5. Musculoskeletal sonographer

A musculoskeletal sonographer takes diagnostic images of muscles and parts of the skeletal system. This can include tendons, ligaments, joints and nerves that exist throughout a patient's body. Musculoskeletal sonographers often use the images they take to identify medical conditions that can affect patients' mobility through their joints, muscles and bones. Many medical conditions that musculoskeletal sonographers focus on diagnosing can occur from injury or accidents, so musculoskeletal sonographers frequently work in hospitals, emergency rooms and other medical facilities that treat patients experiencing traumatic injuries. Here are a few conditions that musculoskeletal sonographers can look for during their jobs:

  • Broken bones

  • Sprains

  • Trapped nerves or objects

  • Inflammation

  • Strains

  • Tears

  • Arthritis

  • Hernias

  • Cysts

6. Breast sonographer

Breast sonographers specialize in taking diagnostic images of the breast and surrounding tissue after a patient receives an abnormal mammogram or examination. Their job typically involves imaging breasts, tissue and lymph nodes in order to identify any irregularities that might signify a developing medical condition. Some abnormalities that breast sonographers often look for in patients include lumps, cysts and tumors. Breast sonographers can also help physicians and specialists when diagnosing cancer as the images they take can show areas that might indicate the potential for cancerous growth.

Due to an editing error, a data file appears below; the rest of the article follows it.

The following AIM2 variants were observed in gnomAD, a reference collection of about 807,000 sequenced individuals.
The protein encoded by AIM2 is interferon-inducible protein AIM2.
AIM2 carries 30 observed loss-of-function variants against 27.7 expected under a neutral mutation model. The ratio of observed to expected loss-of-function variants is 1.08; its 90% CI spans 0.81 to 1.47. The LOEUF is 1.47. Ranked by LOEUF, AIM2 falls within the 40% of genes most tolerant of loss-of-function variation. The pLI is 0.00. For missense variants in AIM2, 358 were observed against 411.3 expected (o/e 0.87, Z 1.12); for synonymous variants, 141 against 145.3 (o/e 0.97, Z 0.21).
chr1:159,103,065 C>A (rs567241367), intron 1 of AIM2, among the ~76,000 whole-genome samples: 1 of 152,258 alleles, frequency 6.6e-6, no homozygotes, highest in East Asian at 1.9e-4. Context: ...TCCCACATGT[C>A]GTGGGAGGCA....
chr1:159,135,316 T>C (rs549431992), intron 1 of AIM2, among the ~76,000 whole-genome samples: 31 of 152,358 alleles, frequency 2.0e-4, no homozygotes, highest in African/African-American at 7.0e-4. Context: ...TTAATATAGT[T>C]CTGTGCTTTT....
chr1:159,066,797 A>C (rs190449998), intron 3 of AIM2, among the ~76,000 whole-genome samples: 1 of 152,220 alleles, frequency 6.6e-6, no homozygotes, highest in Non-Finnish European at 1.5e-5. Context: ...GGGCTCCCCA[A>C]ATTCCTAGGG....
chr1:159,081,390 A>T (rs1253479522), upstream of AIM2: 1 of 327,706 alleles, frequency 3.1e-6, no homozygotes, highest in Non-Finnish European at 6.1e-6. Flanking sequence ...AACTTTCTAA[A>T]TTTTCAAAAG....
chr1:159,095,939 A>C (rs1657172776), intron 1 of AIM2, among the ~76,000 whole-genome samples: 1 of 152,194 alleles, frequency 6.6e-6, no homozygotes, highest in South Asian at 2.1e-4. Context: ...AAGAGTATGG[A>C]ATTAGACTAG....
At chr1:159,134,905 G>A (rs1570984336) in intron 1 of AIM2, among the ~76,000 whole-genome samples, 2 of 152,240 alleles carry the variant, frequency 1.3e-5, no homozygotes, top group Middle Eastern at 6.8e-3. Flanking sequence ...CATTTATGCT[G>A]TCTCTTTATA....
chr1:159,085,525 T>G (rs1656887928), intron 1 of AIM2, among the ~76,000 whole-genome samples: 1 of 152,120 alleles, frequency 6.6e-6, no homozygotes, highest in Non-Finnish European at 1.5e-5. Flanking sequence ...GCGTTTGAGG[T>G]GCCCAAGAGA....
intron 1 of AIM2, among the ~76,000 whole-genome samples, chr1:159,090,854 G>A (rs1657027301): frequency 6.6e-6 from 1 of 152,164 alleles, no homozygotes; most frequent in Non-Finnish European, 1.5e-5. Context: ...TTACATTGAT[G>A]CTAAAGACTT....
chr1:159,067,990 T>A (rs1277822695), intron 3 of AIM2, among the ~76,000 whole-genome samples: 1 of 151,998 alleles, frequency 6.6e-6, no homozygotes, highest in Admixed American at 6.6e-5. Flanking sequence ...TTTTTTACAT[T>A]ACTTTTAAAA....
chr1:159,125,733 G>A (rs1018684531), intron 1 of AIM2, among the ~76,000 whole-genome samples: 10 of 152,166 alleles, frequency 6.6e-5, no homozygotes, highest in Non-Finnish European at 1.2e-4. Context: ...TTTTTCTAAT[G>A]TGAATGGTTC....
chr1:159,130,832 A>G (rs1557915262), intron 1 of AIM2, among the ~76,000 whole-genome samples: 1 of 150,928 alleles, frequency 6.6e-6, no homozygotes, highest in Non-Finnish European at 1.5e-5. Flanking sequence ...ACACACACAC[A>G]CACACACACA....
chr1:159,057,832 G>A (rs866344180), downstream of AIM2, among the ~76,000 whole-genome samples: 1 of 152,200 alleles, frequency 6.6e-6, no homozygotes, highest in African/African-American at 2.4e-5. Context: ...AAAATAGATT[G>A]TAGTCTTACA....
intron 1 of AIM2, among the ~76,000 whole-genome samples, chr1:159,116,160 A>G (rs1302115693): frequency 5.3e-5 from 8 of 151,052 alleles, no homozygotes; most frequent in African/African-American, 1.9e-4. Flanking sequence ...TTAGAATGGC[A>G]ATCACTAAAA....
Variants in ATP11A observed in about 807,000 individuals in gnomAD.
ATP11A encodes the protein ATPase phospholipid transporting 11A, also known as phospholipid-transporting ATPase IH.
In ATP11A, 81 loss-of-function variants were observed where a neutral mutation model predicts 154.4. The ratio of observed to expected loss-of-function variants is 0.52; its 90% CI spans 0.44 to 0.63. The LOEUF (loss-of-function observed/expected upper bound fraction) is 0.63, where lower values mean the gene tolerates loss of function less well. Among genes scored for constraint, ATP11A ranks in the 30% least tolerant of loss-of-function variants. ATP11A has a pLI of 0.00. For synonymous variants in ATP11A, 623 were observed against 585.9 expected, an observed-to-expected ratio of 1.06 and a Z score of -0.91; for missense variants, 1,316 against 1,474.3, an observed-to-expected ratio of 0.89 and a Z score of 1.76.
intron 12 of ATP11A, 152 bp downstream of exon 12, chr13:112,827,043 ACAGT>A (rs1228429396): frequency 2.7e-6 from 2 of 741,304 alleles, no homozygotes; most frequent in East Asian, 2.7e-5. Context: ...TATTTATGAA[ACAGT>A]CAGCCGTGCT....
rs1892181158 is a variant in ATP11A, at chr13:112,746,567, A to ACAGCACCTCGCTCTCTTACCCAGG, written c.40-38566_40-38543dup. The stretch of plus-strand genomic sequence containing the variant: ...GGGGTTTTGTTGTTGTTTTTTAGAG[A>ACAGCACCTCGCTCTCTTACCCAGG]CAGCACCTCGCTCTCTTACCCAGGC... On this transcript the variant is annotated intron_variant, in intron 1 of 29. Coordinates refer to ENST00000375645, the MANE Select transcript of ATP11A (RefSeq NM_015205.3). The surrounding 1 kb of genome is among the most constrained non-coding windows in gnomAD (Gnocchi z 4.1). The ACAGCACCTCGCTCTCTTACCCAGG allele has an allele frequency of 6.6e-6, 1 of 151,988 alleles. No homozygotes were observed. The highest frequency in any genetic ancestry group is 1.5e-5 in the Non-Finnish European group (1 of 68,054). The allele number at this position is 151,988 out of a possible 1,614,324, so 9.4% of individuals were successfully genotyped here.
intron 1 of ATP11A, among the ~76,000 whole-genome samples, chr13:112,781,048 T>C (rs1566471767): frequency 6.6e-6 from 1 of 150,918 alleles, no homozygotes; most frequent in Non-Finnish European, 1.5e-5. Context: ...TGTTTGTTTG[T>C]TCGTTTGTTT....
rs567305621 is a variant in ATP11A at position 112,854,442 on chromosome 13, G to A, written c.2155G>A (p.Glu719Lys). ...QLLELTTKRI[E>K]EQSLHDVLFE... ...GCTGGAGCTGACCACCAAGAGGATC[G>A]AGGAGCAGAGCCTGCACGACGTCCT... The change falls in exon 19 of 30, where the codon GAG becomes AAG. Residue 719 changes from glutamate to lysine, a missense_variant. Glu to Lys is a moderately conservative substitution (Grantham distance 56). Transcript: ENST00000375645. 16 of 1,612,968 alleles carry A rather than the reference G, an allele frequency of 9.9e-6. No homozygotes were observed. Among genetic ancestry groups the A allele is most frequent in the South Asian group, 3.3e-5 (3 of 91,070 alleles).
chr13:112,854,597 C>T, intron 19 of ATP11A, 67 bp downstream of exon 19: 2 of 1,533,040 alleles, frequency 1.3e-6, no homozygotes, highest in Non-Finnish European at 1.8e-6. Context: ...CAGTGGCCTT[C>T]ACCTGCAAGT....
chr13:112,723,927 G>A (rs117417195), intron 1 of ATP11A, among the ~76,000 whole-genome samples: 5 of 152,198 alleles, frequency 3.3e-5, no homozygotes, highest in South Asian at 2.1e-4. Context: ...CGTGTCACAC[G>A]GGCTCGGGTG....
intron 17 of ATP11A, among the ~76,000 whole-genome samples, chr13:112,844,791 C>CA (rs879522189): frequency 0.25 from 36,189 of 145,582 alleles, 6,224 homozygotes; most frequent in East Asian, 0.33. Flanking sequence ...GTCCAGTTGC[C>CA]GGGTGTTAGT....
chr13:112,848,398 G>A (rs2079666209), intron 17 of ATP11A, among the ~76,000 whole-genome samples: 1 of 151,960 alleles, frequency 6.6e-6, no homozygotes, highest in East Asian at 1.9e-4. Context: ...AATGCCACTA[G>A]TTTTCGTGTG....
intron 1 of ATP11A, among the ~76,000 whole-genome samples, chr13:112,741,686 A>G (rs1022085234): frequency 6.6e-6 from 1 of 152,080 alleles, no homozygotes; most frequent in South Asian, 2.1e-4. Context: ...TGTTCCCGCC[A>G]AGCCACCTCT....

Because their work focuses primarily on imaging breasts, breast sonographers can usually find employment at hospitals, oncology centers or women's health centers.

7. Neurosonology sonographer

A neurosonolgy sonographer uses specialized equipment other than ultrasounds and sonograms to take diagnostic images of the brain. The tool that neurosonology sonographers use is called the transcranial doppler (TCD) machine and it allows these sonographers to take internal images of the brain and help physicians to diagnose medical conditions like cerebral palsy, encephalitis and Down syndrome. Nuersonology sonographers can also use a TCD machine to take images of patients' spinal columns and nervous systems to look for irregularities such as strokes, epilepsy, aneurysms and brain tumors.

Due to the specialized equipment their job requires, neurosonology sonographers most often work in hospitals and diagnostic testing centers that have TCD machines.